Thus, the rest of the symptoms of autism must appear, and the other main symptom is added to the repetitive patterns: ” persistent deficiencies in social communication and social interaction in various contexts”.

This symptom manifests itself, for example, in socio-emotional reciprocity, abnormal social approach, failure in normal conversation, decreased shared interests or emotions, eye contact abnormalities (not looking into the eyes), difficulties in understanding and using gestures, etc.

The importance of a good psychological evaluation in autism

In short, in order to be able to talk about autism, an exhaustive evaluation of the child’s behavior is necessary, through questionnaires and tests aimed at its diagnosis (with the parents and the child), observation and clinical interview.

All this, from the hand of professionals specialized in ASD (neuropediatricians, clinical psychologists and developmental psychologists, etc.).

When is this behavior normal and when could it be cause for alarm?

As we have seen, in most cases, children aligning toys when playing is quite normal , and is usually part of the development of their game. In some cases, however, this game could be a warning sign of autism. In which cases?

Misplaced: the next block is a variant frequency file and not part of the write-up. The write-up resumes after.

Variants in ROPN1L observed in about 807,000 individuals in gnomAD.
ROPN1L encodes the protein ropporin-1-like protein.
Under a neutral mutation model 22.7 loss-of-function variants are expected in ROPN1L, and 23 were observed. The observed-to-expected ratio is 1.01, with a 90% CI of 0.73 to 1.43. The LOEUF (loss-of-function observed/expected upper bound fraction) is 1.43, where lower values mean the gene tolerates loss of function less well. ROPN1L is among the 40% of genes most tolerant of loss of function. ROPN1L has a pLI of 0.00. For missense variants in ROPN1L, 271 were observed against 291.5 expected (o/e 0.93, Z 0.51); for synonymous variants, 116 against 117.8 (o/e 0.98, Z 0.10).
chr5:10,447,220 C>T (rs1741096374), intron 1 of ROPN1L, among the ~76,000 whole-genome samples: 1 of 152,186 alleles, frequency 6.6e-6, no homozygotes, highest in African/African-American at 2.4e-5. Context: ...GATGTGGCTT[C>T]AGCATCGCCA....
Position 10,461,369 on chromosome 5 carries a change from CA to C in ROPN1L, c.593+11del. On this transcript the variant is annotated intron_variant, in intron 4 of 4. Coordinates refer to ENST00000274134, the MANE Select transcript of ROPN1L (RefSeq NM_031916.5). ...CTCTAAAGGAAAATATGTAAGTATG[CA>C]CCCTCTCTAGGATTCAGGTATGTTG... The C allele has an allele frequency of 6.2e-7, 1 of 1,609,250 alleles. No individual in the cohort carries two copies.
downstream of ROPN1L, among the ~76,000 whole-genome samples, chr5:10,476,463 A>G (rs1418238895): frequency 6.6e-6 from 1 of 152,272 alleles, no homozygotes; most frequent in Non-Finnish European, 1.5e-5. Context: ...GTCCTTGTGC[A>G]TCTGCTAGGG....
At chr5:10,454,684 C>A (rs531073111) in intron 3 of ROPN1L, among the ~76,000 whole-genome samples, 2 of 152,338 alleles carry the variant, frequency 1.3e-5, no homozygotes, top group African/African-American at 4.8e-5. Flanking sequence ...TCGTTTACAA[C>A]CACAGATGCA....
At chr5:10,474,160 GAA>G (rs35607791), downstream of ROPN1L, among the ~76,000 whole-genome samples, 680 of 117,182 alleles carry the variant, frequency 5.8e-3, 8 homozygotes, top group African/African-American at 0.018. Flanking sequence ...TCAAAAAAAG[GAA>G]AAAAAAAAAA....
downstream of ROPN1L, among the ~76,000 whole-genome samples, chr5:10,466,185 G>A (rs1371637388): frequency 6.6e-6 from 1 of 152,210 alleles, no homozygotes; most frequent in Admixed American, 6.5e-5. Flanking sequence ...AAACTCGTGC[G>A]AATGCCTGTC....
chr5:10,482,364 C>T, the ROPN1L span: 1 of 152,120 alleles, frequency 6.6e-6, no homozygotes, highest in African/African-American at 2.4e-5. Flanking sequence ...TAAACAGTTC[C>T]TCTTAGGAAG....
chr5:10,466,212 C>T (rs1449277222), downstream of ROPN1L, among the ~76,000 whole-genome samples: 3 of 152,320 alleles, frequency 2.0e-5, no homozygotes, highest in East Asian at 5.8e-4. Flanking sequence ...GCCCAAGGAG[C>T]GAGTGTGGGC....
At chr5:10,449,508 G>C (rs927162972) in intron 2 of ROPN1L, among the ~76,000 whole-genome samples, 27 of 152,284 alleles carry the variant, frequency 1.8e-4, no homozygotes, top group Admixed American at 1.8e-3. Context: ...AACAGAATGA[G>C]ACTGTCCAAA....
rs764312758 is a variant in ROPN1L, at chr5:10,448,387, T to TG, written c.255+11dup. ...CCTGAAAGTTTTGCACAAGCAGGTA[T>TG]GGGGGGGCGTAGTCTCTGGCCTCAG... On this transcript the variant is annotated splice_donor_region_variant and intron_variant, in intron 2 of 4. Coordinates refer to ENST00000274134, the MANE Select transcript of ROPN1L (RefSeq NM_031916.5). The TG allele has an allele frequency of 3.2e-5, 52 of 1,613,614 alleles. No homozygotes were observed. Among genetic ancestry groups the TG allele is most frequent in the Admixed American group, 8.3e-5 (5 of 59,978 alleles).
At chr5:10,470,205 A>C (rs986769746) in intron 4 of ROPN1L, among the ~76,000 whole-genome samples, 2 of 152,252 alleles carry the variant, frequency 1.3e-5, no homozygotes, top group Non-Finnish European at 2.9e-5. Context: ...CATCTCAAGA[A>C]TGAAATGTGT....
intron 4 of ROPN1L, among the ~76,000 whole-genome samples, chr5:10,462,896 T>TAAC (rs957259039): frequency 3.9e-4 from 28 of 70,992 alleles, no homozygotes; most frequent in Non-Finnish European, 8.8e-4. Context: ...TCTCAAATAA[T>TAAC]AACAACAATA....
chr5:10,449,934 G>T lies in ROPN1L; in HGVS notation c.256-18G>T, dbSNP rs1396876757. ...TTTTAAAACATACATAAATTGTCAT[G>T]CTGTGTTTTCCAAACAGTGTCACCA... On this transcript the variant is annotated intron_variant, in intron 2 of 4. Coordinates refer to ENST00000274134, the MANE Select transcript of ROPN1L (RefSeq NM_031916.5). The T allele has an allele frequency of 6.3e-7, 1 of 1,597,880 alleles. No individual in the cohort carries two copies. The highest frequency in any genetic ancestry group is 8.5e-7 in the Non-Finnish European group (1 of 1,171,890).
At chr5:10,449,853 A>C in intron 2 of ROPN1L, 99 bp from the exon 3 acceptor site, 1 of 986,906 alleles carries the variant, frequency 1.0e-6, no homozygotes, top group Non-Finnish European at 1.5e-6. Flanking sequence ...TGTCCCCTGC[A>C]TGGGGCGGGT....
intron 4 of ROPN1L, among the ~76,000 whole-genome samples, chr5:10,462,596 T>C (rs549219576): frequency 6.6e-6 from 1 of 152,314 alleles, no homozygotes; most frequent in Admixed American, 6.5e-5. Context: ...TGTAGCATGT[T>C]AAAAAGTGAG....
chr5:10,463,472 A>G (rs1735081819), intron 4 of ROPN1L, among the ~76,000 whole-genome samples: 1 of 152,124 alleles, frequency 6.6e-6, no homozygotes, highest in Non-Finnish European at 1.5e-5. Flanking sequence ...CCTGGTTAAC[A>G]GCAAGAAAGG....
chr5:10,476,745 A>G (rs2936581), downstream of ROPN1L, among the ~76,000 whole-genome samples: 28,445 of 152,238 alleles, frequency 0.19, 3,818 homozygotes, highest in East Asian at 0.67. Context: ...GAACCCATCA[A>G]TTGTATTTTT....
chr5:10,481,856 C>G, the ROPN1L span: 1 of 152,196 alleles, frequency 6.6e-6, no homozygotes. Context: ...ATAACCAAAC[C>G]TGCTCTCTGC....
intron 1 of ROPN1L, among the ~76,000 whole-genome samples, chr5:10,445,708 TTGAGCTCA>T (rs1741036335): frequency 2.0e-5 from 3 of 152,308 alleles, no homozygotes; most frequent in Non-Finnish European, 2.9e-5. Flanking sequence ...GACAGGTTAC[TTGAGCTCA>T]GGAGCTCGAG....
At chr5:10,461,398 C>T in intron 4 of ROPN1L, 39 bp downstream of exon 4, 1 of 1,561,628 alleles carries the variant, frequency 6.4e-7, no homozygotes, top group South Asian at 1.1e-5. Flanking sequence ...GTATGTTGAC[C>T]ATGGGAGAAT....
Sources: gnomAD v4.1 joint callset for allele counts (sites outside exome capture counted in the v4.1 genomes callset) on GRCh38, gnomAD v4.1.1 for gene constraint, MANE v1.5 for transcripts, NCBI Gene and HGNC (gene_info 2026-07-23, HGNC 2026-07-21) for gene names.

When this type of game is accompanied by the symptoms already described for autism, and also when the child can only “play” it (he is rigid in this sense).

That is, when he is unable to play other things , he becomes obsessed with it and the game itself gets in the way of his normal behavior.

Also, when he offers strong resistance when disturbed while playing; In these cases, it is better to be alert and make an appointment with a professional so that he can carry out an adequate evaluation.

But if this is not the case, there is no reason to worry! Encourage him to continue playing as he is born and find time to accompany him during game times as well.

“Play, play and play, is there anything in the lives of children that could be more important and instructive?”

-Astrid Lindgren-

Photos | Cover (depositphotos), Image 1 (pexels), Image 2 (pexels)

Babies and more | What do children play according to their age? The four types of children’s play, Children who do not know how to play alone: what is the reason and how to encourage independent play?